I was brought up hearing about how my grandmother knew about all of the plants in the hedges and how they could be used to heal or nourish. Much of this knowledge, that our grandparents and ancestors further down the line may have taken for granted, has been lost or at least only preserved in sentimental tales of days gone by. There has been a resurgence though, in ‘foraging’ for food which, providing that it is done responsibly I believe can only be a good thing. Finding, gathering, collecting the food you eat connects you to it in a very fundamental way. Children find it exciting and it promotes an interest in cooking and ultimately eating delicious fresh, natural food.
Wild garlic, or Ramsoms is abundant in woodlands at the moment in the UK. It’s hard to miss if you take a walk, or more likely a muddy ramble, in a shady old wooded valley. Even if you can’t spot it immediately you’ll detect its pungent allium scent in the air. Later in the spring it will bloom into a carpet of pretty white flowers which can be used in salads or as a lovely garnish for a wild garlic dish. However, the flowers herald the end of the season so it’s a good idea to get your fill of the leaves before they arrive.
In my local area in Bristol I can find plenty of wild garlic, it’s so plentiful in fact that it would seem a shame not to make the most of it while it’s here – especially as it’s basically free food! And there’s plenty to go around as you don’t need much of it to add excitement to a dish. (Obviously make sure you gather from places where you don’t trample on other plants.) I’m not going to let you into my secret gathering spot though, half the fun is making the discovery for yourself!
I recently used a bunch of these vibrant leaves in a version of this tart from a previous blog recipe. I blanched the leaves, shredded them finely and added them to the filling with some smoked salmon. I think I’ll try another variation with some creamy, tangy goats cheese next time, in lieu of the salmon. I also love the idea of these wild garlic and cheese scones which sound so full of savoury, cheesy deliciousness, and a great thing to make with children after a woodland walk.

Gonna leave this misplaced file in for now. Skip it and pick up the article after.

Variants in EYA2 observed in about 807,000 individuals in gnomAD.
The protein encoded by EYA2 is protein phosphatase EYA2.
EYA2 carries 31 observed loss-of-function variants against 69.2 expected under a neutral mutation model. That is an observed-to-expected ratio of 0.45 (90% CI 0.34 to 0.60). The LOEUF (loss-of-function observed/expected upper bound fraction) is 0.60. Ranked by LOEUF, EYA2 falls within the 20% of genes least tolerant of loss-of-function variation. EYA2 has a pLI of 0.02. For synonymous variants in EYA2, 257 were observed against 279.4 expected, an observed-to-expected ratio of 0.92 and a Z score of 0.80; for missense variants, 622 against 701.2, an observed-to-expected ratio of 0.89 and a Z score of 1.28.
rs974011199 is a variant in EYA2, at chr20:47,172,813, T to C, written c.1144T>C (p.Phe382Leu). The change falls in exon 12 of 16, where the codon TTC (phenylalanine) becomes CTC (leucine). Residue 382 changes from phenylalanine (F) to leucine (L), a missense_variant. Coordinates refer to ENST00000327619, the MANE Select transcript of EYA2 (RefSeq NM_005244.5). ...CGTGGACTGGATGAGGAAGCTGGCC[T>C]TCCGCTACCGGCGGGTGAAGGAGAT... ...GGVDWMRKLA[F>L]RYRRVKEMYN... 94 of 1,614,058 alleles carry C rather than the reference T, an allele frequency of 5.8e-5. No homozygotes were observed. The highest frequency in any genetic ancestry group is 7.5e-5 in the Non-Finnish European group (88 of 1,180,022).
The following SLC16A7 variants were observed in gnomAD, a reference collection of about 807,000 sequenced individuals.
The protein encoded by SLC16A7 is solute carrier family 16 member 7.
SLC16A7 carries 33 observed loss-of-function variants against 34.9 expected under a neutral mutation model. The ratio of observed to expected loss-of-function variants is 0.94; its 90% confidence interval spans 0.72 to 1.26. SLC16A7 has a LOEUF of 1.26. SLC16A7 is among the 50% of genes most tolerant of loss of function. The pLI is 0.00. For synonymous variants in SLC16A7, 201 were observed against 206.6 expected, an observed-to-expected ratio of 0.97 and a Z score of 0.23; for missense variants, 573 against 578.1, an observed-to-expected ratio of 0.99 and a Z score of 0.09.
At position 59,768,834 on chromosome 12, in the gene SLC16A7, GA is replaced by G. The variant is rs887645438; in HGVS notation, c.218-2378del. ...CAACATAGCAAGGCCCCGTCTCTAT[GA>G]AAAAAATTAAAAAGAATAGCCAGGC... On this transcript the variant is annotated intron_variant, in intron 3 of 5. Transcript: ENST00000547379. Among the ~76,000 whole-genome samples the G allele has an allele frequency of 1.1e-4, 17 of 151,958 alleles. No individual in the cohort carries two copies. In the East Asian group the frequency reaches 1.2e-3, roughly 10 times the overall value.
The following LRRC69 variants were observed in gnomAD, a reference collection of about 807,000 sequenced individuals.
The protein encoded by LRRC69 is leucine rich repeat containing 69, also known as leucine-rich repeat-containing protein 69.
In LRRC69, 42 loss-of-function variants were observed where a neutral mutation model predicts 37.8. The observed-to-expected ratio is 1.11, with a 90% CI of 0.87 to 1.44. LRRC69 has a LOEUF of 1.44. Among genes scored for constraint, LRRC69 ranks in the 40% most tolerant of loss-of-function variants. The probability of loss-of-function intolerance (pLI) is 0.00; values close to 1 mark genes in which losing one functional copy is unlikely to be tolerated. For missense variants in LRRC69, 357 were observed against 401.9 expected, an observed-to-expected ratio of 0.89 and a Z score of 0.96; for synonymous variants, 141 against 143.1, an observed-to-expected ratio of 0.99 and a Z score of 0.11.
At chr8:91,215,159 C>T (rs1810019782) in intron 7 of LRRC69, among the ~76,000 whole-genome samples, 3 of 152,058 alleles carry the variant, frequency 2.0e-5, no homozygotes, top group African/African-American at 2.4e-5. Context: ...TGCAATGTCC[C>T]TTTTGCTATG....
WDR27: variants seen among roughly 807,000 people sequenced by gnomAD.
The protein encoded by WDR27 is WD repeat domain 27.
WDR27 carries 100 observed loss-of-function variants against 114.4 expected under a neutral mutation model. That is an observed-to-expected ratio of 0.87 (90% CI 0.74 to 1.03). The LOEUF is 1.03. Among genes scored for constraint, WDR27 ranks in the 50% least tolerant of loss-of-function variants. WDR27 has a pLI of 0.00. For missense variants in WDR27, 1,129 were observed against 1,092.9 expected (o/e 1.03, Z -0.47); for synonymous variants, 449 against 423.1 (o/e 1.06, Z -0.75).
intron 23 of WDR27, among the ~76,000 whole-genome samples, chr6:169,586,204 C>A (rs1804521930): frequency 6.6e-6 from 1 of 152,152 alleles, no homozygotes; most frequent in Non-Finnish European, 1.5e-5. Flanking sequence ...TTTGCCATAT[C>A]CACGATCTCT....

Another lovely thing is to make some wild garlic pesto that can be used in the same way as any other pesto, added to pasta, risotto, stirred into a hearty soup, drizzled on a salad or as a marinade to meat. It’s a special thing to have handy in the fridge. Every time you take it out you can proudly boast: ‘I gathered this, myself!’
Wild garlic pesto
100g wild garlic leaves
100ml olive oil
50g pine nuts
a pinch of salt
a squeeze of lemon
Blend the leaves with the oil and pine nuts then add the parmesan, finely grated, and seasoning. If you find the garlic taste too strong for you then you can substitute half of the garlic leaves for something like baby leaf spinach or parsley. You could also use walnuts instead of pine nuts although I personally find walnuts quite bitter.